In the Press
Media Coverage of The Edge
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The Edge is an addiction programme for young men, aged 18 to 26, that not only tries to achieve recovery from a substance or process (like gambling and gaming) addiction, but also attempts to instil in addicts a new perspective and zest for life.
A revealing discussion about the impacts and issues around gaming addiction from the perspectives of people involved – a mother, a gamer, gamer-turned gaming addiction expert Cam Adair, youth clinical addiction expert John Logan of The Edge and a headmaster.
For parents enduring daily fights with their sons about video games, the chilling video of Western Sydney man Luke Munday allegedly hitting his partner as she begged him to stop playing Fortnite was a manifestation of their worst fears this week.
The World Health Organization has officially designated video game addiction as a disorder, and one former addict warns we can no longer ‘just see them as fun, innocent games that people play for entertainment.’
A western Sydney man who inadvertently livestreamed himself allegedly assaulting his pregnant partner during a game of Fortnite has dismissed it as a “one-off thing”, as Telstra confirmed it had suspended him from his role as an engineer.
Like most teenage boys, Cam Adair played computer games. He would play the games – Starcraft: Brood War, World of Warcraft –with his cousin, or to unwind after school or hockey practice.
Thailand is in the throes of a gaming addiction epidemic, with Thais spending more time online than people in any other nation in Asia. Scores of children and adolescents have been treated for addiction in recent months, their parents spending serious baht on rehab and hospital fees. The country has experienced an explosion in internet usage, and it now faces the serious challenge of unplugging its youth.
When a Sydney mum discovered her youngest son had been secretively earning money online she knew the hours spent in his bedroom had shifted from fun hobby to something more serious.
The rugged foothills of Chiang Mai’s commanding mountain ranges are the perfect setting for The Edge, a treatment centre for young men aged 16–30 suffering from addiction and behavioural issues. The ambience within this progressive clinic mirrors the vibrant spirit of Chiang Mai with its quirky hill tribes and laid-back vibe.
The Cabin Addiction Services Group is a globally recognised addiction treatment provider with a collection of inpatient and outpatient treatment centres around the world; it now has nine facilities in five different countries. The Cabin group’s clinical method ‘Recovery Zones’ is practised across all centres and was authored by certified and accredited Addiction Counsellor Alastair Mordey who has over 15 years of experience; this model has a highly successful 96 per cent completion rate. Treatment at the centres is administered by a multidisciplinary team of highly experienced, licensed addiction specialists.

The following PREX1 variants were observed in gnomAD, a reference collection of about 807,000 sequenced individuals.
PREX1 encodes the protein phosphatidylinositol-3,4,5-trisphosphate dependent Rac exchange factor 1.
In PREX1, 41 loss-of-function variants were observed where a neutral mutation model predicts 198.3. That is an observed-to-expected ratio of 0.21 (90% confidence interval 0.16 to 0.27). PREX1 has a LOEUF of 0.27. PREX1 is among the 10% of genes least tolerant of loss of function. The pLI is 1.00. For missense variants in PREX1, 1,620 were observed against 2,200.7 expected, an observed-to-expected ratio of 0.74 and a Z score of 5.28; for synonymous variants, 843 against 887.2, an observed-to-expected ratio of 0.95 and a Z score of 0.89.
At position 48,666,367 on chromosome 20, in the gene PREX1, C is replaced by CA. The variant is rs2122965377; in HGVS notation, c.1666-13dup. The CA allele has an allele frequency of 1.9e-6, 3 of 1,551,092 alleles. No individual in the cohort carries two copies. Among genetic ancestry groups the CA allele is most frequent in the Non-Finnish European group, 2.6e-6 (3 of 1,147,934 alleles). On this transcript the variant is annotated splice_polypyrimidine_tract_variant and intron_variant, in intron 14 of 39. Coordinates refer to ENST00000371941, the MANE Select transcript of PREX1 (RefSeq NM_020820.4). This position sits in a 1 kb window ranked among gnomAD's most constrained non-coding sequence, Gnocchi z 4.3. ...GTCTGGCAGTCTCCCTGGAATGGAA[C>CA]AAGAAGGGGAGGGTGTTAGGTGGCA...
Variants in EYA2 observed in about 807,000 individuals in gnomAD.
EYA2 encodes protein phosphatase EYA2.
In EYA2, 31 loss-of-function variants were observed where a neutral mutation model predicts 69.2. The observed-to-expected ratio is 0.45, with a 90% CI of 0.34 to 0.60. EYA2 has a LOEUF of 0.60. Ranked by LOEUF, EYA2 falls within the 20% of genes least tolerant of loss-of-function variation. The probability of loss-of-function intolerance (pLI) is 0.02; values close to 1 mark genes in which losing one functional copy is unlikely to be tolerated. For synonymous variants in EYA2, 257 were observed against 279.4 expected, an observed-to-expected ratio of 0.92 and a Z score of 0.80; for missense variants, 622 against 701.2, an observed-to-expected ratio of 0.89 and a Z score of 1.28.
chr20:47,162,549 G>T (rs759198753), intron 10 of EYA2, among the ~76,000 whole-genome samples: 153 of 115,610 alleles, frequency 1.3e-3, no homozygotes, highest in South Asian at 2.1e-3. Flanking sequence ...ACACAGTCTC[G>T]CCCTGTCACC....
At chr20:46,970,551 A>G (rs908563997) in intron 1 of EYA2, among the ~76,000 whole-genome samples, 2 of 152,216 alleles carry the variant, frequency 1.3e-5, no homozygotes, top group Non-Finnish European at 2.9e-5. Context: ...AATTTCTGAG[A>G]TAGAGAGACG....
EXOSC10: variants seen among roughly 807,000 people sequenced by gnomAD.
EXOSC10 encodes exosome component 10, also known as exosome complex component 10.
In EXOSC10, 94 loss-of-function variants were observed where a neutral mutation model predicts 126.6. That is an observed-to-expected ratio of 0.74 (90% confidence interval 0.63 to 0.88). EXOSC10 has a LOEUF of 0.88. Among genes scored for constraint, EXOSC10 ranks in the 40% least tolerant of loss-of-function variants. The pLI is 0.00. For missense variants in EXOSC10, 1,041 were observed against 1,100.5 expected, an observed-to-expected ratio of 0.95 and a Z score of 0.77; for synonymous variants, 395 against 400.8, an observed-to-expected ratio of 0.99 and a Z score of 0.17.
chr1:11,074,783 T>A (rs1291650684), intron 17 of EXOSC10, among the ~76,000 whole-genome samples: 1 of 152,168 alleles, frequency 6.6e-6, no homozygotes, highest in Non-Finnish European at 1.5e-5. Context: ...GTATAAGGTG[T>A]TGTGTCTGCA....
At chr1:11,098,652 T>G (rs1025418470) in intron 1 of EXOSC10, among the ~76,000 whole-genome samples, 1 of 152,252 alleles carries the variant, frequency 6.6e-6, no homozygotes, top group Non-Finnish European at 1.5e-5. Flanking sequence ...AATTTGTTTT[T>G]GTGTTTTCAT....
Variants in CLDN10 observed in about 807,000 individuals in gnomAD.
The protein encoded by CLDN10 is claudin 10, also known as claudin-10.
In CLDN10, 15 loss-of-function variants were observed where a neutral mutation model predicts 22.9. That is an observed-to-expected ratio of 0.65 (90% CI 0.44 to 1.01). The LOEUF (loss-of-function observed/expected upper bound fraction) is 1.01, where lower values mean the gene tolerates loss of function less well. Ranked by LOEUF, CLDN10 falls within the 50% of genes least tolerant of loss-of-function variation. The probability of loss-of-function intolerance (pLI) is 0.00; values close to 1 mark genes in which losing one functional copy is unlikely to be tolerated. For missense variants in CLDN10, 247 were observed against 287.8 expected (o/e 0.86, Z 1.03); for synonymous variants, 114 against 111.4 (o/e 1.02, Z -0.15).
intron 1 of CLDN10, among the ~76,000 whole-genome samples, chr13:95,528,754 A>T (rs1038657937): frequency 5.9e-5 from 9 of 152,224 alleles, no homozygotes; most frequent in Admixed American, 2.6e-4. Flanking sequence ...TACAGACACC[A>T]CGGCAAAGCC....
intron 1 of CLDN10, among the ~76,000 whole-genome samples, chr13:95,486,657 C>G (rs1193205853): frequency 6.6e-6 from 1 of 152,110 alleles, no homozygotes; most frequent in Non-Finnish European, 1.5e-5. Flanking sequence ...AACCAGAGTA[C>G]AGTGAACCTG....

That was a theory posited at a recent panel debate on the growing trend of hammering through ‘box-set‘ TV series in marathon viewing sessions, and it immediately set off an alarm in my mind.
Whether you’re waiting for your A-level or GCSE results– these next couple of weeks are pretty hard going for many teens – insomnia, loss of appetite and feeling high levels of anxiety are a reality for many young people. But, what can you do about it?
SINGAPORE — It took a US$48,000 (about S$67,000) overseas detox pro-gramme for 23-year-old Bernard Lim (not his real name) to kick his gaming addiction.
The Today Show – Australia’s # 1 breakfast show features The Cabin Chiang Mai and The Edge as the preferred addiction treatment provider of high profile Australians. Filming was strictly regulated in accordance with The Cabin’s confidentiality policy.
أصبح مصطلح الإدمان يتردد كثيراً في المجتمعات عربية كانت أو أجنبية، وهو مشكلة تتفاقم يوماً بعد يوم. وهذا المصطلح ليس محصوراً بمادة معينة، فهناك أشكال كثيرة للإدمان.
Inside the Thai rehabilitation centre where Mitchell Pearce addressed his alcohol issues, more Aussies head to the retreat
The fortnightly hike was part of their therapy — the alternate week involved the same treacherous backdrop but with the dangerous addition of a mountain bike. The 15 men were part of The Edge, an offshoot that caters to those typically between the ages of 18 and 28, but whose counsellors look more at personality than date of birth when considering admission. Where traditional rehabilitation tends to focus heavily on psychotherapy, The Edge adds wilderness therapy, sports training and social responsibility awareness on top of its counselling sessions.
The article first appeared in the Sunday Telegraph, and was also published in the Sunday Mail.